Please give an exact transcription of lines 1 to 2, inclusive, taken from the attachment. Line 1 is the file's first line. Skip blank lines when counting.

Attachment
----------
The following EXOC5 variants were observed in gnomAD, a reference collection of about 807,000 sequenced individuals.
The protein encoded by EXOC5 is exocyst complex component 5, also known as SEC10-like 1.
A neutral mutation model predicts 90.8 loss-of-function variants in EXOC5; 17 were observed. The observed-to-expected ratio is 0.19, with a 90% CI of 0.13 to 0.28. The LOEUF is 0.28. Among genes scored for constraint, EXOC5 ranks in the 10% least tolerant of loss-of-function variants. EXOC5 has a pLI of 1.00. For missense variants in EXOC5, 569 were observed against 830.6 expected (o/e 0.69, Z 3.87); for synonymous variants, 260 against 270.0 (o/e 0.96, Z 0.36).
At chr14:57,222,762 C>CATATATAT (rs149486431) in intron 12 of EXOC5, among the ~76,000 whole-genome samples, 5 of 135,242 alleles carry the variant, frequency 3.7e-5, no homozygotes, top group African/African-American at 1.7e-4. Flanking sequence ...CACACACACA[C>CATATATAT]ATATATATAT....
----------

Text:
The following EXOC5 variants were observed in gnomAD, a reference collection of about 807,000 sequenced individuals.
The protein encoded by EXOC5 is exocyst complex component 5, also known as SEC10-like 1.